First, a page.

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April 1997

Predictors of Recurrent Febrile Seizures: A Prospective Cohort Study

Author Affiliations

From the Department of Biological Sciences, Northern Illinois University, DeKalb (Dr Berg); the Departments of Neurology (Dr Shinnar) and Pediatrics (Drs Shinnar, Salomon, and Crain) and The Comprehensive Epilepsy Management Center (Dr Shinnar), Montefiore Medical Center, Albert Einstein College of Medicine, Bronx, NY; The Gertrude H. Sergievsky Center, Columbia University, New York, NY (Drs Shinnar and Hauser); and the Departments of Epidemiology and Public Health (Ms Darefsky and Drs Holford and Shapiro) and Pediatrics (Dr Shapiro), Yale University, New Haven, Conn.

Arch Pediatr Adolesc Med. 1997;151(4):371-378. doi:10.1001/archpedi.1997.02170410045006

Objectives:  To define the risk and identify predictors of single and multiple recurrent febrile seizures.

Methods:  Children (n=428) with first febrile seizures were prospectively identified and followed for 2 or more years. Parents were interviewed soon after their children's first febrile seizure and were called every 3 months to ascertain recurrent febrile seizures. Medical records of first and recurrent seizures were reviewed for additional information.

Results:  A total of 136 children (31.8%) experienced recurrent seizures: 73(17.1%) had only 1 recurrence, 38(8.9%) had 2 recurrences, and 25(5.8%) had 3 or more recurrences. Young age at onset, a history of febrile seizures in a first-degree relative, low degree of fever while in the emergency department, and a brief duration between the onset of fever and the initial seizure were strong independent predictors of recurrent febrile seizures. With these 4 factors combined, it is possible to define groups of children having very high and very low probabilities of having any recurrences (>70% vs <20%), having 2 or more recurrences (>60% vs < 10%), and having 3 or more recurrences (12% vs about 0%). In children who had at least 1 recurrence, age at the time of the first recurrence and a family history of epilepsy were predictors of subsequent recurrences.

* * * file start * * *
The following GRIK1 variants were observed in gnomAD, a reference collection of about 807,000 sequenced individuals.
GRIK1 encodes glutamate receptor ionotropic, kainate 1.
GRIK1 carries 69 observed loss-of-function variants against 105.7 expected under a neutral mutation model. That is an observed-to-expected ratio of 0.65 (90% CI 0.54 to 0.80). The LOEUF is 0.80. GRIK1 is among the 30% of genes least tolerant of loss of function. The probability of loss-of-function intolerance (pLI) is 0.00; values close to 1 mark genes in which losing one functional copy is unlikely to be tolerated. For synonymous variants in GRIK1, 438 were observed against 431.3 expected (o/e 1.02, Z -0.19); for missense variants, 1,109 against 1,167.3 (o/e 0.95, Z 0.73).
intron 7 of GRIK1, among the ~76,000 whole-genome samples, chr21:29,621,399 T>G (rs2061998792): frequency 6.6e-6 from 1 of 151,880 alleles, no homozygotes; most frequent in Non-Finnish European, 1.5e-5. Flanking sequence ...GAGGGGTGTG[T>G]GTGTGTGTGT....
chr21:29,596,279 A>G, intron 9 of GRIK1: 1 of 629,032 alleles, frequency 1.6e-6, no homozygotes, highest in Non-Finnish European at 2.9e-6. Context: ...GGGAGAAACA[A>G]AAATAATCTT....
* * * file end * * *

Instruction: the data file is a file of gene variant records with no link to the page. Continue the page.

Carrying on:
Conclusions:  In children who have had a first febrile seizure, recurrences are common. The risk for 1 or more recurrences can be meaningfully predicted at the time of the initial febrile seizure with a combination of the 4 factors identified in this study.Arch Pediatr Adolesc Med. 1997;151:371-378

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